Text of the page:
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Bank bailouts, interventions, and moral hazard

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  • Lammertjan Dam
  • Michael Koetter

Abstract

To test if safety nets create moral hazard in the banking industry, we develop a simultaneous structural two-equations model that specifies the probability of a bailout and banks' risk taking.We identify the effect of expected bailout probabilities on risk taking using exclusion restrictions based on regional political, supervisor, and banking market traits. The sample includes all observed capital preservation measures and distressed exits in the German banking industry during 1995-2006. The marginal effect of risk with respect to bailout expectations is 7.2 basis points. A change of bailout expectations by two standard deviations increases the probability of official distress from 6.2% to 9.9%. Only interventions directly targeting bank management and, to a lesser extent, penalties mitigate moral hazard. Weak interventions, such as warnings, do not reduce moral hazard. --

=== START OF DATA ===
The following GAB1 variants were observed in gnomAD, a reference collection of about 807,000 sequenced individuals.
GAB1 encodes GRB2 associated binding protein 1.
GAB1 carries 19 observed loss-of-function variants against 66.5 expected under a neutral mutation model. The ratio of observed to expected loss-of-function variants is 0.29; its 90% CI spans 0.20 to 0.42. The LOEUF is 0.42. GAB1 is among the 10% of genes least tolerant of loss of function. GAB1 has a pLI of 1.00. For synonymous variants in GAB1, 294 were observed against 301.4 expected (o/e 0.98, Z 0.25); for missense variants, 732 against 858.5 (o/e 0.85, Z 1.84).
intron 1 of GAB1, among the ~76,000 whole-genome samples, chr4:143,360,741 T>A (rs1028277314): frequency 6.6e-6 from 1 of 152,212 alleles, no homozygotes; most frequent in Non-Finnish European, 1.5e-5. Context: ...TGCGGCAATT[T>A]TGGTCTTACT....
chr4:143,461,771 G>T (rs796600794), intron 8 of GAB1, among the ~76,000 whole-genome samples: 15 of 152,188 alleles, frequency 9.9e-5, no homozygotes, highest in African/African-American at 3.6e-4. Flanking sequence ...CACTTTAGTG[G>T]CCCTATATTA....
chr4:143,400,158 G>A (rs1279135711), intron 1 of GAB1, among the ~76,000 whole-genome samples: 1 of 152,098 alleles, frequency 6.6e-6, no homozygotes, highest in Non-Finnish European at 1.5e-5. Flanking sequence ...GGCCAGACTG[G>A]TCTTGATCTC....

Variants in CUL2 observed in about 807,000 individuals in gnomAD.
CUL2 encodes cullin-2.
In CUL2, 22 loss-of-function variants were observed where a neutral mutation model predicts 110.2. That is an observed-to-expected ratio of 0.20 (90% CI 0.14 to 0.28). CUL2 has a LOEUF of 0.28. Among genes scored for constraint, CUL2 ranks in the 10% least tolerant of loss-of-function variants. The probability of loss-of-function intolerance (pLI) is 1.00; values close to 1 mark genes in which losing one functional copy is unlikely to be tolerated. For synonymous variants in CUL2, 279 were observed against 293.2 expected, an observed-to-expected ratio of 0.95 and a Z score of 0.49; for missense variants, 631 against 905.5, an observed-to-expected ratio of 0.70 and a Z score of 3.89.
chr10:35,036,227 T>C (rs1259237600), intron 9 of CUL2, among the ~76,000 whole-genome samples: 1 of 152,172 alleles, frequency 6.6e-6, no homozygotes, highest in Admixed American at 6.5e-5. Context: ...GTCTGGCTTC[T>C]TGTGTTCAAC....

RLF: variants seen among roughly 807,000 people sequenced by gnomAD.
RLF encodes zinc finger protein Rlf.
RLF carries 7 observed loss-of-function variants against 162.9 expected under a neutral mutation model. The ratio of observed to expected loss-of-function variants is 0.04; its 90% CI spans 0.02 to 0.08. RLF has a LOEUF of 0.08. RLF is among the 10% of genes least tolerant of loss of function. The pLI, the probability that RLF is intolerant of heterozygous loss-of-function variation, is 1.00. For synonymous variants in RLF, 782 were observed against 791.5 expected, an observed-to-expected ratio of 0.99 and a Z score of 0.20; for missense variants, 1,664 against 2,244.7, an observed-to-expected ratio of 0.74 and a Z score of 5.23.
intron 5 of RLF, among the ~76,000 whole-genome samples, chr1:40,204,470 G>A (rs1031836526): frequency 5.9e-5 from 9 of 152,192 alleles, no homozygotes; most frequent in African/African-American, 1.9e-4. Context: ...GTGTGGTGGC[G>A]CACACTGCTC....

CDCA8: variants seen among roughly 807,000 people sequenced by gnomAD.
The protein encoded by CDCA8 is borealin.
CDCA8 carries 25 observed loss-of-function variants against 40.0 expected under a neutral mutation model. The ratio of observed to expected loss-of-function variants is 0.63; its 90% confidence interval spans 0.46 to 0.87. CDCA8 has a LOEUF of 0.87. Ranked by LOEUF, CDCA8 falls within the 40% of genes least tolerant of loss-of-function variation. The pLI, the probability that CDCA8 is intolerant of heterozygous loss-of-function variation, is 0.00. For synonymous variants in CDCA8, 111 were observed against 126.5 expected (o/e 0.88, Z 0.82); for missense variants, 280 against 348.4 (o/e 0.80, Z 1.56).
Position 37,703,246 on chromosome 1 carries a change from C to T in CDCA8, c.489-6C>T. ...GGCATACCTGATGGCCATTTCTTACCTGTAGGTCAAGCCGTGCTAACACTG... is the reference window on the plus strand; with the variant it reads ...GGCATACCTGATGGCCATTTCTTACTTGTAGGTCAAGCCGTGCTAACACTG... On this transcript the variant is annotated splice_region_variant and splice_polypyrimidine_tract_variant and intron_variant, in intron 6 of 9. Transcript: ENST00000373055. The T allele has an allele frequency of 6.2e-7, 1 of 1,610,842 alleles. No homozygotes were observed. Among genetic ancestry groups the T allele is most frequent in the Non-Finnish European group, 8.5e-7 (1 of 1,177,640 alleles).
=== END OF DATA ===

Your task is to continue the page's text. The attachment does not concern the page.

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Bibliographic Info

Paper provided by Federal Reserve Bank of Chicago in its series Proceedings with number 1131.

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Length: 299-326
Date of creation: 2011
Date of revision:
Publication status: Published in Conference on Bank Structure and Competition (2011: 47th) ; Implementing Dodd-Frank : Progress and Recommendations for the Future
Handle: RePEc:fip:fedhpr:1131

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Keywords: Bank failures ; Troubled Asset Relief Program ; Financial institutions;

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References

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Cited by:
  1. Varvara Isyuk, 2013. "Determinants of the Allocation of Funds Under the Capital Purchase Program," Ekonomi-tek - International Economics Journal, Turkish Economic Association, vol. 2(1), pages 79-114, January.

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